Expectations of Effectiveness (. 5) Scripture says, “For I know the plans I have for you, declares the Lord, plans to prosper you and not to harm you, plans to give you a hope and a future” (Jeremiah 29:11, NIV). When we bring our thoughts into alignment with those in God’s word, God will give us a prosperous end result, even if the beginning is difficult and fearful. I believe fear can often prevent us from plowing through this difficult period. As Wilson (2011) asserts, these distorted views and unhealthy thoughts have in many ways served to protect us during childhood, and many of these old patterns have been carried over into adulthood.

Scripture tells us to “Put away childish things……” (1 Corinthians 13:1, NIV). This “putting away” essentially means to do away with unhealthy beliefs, actions, and words that once served as a wall of protection (Wilson, 2011). Once a person becomes freed from these negative thoughts and behaviors, they will also be freed from depression, fear, self-hate, anxiety, and many other damaging emotions so that they can live out the prosperous life that Christ called them to live (Backus & Chapian, 2000). How does my Worldview influence my Theory? Theoretical Considerations and Worldview Dimensions (. 5)

Cognitive Behavioral Therapy primarily believes that in order for a person to live a healthy lifestyle, they must change their way of thinking. They must analyze their thoughts and then validate them, using a systematic process. If it is discovered that these thoughts are untruthful, distorted, or negative, then the person is encouraged to replace them with thoughts that are true (Murdock, 2009). This theory is very closely paralleled with scripture, since Scripture exhorts us, as believers, to take every thought captive (2 Corinthians 10:5, NIV) and to set our minds on things that are pure and true (Philippians 4:8, NIV).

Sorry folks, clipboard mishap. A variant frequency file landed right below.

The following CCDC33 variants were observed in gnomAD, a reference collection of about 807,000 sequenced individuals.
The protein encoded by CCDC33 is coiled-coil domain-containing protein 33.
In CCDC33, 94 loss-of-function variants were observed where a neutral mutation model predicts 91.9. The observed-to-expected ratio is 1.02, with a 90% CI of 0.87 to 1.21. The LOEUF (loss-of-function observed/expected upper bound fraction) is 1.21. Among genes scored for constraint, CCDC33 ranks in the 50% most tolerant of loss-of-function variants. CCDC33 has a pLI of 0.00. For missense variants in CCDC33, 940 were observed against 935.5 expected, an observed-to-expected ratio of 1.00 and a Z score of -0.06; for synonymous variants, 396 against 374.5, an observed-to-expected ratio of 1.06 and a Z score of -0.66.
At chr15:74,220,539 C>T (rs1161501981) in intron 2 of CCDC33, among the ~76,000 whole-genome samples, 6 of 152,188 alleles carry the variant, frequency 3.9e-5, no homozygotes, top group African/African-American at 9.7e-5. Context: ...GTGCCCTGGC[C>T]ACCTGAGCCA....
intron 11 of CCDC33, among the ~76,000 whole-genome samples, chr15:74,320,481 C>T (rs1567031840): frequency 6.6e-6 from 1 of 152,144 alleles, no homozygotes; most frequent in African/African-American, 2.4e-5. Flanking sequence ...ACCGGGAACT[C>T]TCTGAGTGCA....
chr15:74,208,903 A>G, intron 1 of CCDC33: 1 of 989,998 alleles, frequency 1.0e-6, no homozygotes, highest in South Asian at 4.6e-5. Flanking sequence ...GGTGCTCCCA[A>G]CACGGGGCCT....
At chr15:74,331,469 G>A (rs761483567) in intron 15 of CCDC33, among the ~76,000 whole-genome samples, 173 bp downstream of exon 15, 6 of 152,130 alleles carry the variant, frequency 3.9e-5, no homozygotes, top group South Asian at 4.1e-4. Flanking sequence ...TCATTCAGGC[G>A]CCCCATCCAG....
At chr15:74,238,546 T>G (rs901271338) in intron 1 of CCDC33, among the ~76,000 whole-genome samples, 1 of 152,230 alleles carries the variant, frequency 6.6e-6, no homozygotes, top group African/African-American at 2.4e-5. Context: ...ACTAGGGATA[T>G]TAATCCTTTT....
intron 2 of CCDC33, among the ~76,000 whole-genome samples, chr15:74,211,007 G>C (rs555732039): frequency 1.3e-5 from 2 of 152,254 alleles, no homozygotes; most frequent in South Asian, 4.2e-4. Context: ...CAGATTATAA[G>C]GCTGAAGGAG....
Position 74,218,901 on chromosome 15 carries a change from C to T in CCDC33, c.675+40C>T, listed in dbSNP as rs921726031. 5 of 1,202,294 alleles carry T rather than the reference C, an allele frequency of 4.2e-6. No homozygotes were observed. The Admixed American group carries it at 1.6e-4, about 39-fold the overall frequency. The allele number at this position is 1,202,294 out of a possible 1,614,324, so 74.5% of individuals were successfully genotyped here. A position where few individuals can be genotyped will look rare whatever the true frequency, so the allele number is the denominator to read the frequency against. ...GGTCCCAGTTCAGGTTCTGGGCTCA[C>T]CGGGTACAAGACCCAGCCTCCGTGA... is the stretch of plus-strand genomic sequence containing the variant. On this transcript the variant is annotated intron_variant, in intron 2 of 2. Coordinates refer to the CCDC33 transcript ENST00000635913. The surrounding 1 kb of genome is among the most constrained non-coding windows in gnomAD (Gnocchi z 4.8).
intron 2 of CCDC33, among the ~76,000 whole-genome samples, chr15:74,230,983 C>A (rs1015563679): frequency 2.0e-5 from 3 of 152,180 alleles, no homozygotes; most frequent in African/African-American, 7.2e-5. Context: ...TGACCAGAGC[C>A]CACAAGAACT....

This sounds so simple, and sometimes it is simple; however, oftentimes, I have found this to be very difficult, especially when I am faced with thinking pure and true thoughts about someone who has wounded me deeply. This is the point where I believe that counseling only provides a lasting transformation when it is integrated with power of the Holy Spirit. Therefore, in order to facilitate lasting positive changes in the lives of my future clients, I believe that Adams (1986) four interrelated components of counseling are necessary.

These consist of “the Spirit, the counselor, the counselee, and the Bible” (p. 44). With this combination of psychology and Christianity, I believe that it is possible to demolish arguments and every pretension that tries to exalt itself against the knowledge of God. I believe that every thought can be taken captive so that it becomes obedient to Christ as stated in 2 Corinthians 10:5 (NIV). Approach to Integration (. 5) “Spoiling the Egyptians” (Crabb, 1977, p. 171) is an approach that references Mosses leading the Israelites from the land of Egypt.

The Israelites took numerous items from the Egyptians to help them and support them on their journey to the Promised Land; however, there were also a number of items that were left behind because they were corrupt. This approach to counseling integration borrows some methods, techniques, and tools from psychology and integrates them with Christian counseling. However, there is one caveat and that is only if the borrowed items align with the truth that is found in Scripture (Crabb, 1977).